The Fourth Industrial Revolution is changing the way that we go about our daily lives, and with this change our economy must adapt too by embracing disruptive technologies.
Ideas that were once the preserve of science fiction, such as 3D-bioprinting and virtual reality prototyping, are now a reality in workplaces and factories across our country. The rapid pace at which technology is advancing continues to shake-up the business world and with this advancement comes the challenge of ensuring that our economy allows for both innovation and adaptability in the years ahead.
Today we are witnessing the unprecedented fusion of new technologies that blur the traditional lines between the physical, digital and biological spheres.
Disruptive innovations are constantly changing the way that we think, work, travel, shop and play – and with this comes the challenge of creating the right economic and regulatory framework for the future. Economic and societal disruption is a process, rather than a destination. This process is transforming almost every industry, in every country and is doing at breakneck-speed. The fear of being disrupted now equals the fear of poor productivity for any business as disruptive innovation has the potential to render even the most established of brands irrelevant in the digital age. Companies are now becoming much less human-intensive and much more technology-centric. With this, the role of people within the workplace will change from “doing” to “thinking” and this same transformation will be needed in both the public and the private sectors in the years ahead.
At this election, Jeremy Corbyn’s Labour have re-opened the debate on capitalism and the value of free market economics. With Labour pledging to nationalise broadband in Britain – following previous support for a “robot tax” and banning Uber in London – the potential opportunities of the 4IR for Britain will only be realised under a Conservative Government. Beyond their broadband Bolshevism, turning away from market-based innovations, which for example, have brought about advancements in healthcare and led the way in fighting climate change, should be feared as a backward step in achieving the goal of a global, interconnected Britain which delivers for everyone.
As highlighted in the World Economic Forum’s Future of Jobs report, it is highly likely that your future career may not even exist yet, and that is why we must have an economic system which is adaptable and encourages innovation. In the next Parliament, we Conservatives must focus on creating an Opportunity Society centred around social mobility, which in turn is powered by lifelong learning, high-quality education and skills training.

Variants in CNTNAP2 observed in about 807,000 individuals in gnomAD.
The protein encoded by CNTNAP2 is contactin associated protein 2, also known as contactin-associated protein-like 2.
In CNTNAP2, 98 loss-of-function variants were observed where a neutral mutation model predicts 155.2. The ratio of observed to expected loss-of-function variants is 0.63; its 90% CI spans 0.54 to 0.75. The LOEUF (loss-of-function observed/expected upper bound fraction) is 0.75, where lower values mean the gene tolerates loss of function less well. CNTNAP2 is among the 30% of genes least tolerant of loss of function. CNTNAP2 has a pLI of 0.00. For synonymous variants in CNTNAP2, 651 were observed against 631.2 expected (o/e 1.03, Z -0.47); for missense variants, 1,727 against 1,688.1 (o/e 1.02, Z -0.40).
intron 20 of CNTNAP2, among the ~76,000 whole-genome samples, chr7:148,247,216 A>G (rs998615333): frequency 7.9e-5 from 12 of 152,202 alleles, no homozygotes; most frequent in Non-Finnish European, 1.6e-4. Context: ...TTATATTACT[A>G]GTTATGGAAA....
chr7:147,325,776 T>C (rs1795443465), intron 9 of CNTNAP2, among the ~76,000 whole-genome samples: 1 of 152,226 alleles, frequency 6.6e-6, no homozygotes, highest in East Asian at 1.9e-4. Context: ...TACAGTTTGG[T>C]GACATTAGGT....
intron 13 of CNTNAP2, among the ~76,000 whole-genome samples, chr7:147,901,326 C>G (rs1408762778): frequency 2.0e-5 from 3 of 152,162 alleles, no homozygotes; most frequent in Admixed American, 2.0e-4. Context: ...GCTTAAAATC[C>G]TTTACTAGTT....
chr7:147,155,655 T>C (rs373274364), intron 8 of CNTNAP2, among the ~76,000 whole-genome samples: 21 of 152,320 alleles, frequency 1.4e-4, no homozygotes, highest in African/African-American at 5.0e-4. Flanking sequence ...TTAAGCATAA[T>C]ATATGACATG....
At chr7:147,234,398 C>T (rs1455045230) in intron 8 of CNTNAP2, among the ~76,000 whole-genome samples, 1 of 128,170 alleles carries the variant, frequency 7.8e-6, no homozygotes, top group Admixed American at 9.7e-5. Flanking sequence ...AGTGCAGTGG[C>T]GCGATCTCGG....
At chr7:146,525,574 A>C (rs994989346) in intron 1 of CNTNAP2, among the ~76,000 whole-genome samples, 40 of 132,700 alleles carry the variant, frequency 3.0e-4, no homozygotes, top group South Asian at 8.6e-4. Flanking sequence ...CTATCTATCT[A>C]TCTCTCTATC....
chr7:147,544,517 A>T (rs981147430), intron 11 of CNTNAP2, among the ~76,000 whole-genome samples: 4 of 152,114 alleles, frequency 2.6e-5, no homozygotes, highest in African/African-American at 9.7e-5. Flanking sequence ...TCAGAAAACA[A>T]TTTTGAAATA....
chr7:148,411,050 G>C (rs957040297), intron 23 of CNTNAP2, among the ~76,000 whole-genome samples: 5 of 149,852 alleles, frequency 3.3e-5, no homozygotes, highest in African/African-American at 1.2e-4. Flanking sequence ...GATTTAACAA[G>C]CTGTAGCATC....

If we are able to secure this as the golden thread throughout our policy platform, then Britain will not only shape, but indeed lead, the Fourth Industrial Revolution.
Despite the dominance of Brexit in the political agenda, the Prime Minister Boris Johnson has presided over a Government which has already hit the ground running when it comes to backing science, technology and innovation. From providing an extra investment of £14 billion for our schools across the country to his commitment to boosting cyber-skills education, the Prime Minister in his own words understands that “a great education is the most important thing any of us can have”. To ensure that the United Kingdom remains a global leader in the era of the Fourth Industrial Revolution, he has further pledged that the next Conservative government will increase our Research and Development (R&D) investment to £18 Billion. This investment will secure further R&D capacity whilst nurturing our already-vibrant start-up culture. Government acting as an enabler, as opposed to a nanny-state regulator, is what sets the Conservative Party apart from Labour when it comes to supporting innovation.
Disruptive technology is changing the way that both employees work, and companies operate. To adapt to this dramatic change, we need to see the tax system simplified to reflect the evolving, streamlined nature of employment within the digital age too.
In order for people to reap the benefits of the Fourth Industrial Revolution, the Government must make further investments into STEM education to foster a new generation of thinkers and makers and ensure that we have global leadership in Science and Mathematics. After we have departed the European Union, we must encourage a renewed culture of innovation to maintain the United Kingdom’s status as a “science superpower”.
In the next Parliament we Conservatives must do more to build public trust in the 4IR and present it as the most positive economic and social phenomenon of our time. To ensure that the fruits of the 4IR are available to everyone, the challenge of the next Government will be to nurture an economy in which disruptive technologies deliver at both macro-economic and local community levels.
We should be in no doubt that the Fourth Industrial Revolution is happening, and as Conservatives it is our responsibility to ensure that Britain leads the way.
The Fourth Industrial Revolution will be the defining political and economic issue of the next decade and as with the Industrial Revolutions of the past, the decisions that policy makers implement today will impact the wellbeing of our country for generations to come. The next Conservative Government must put Britain’s leadership of the 4IR at the top of its economic agenda, so that our economy can prepare to seize the opportunities of new and disruptive technologies.
Alan Mak is the Conservative MP Candidate for Havant, and Founder & Chairman of the All-Party Parliamentary Group in the 2017-19 Parliament.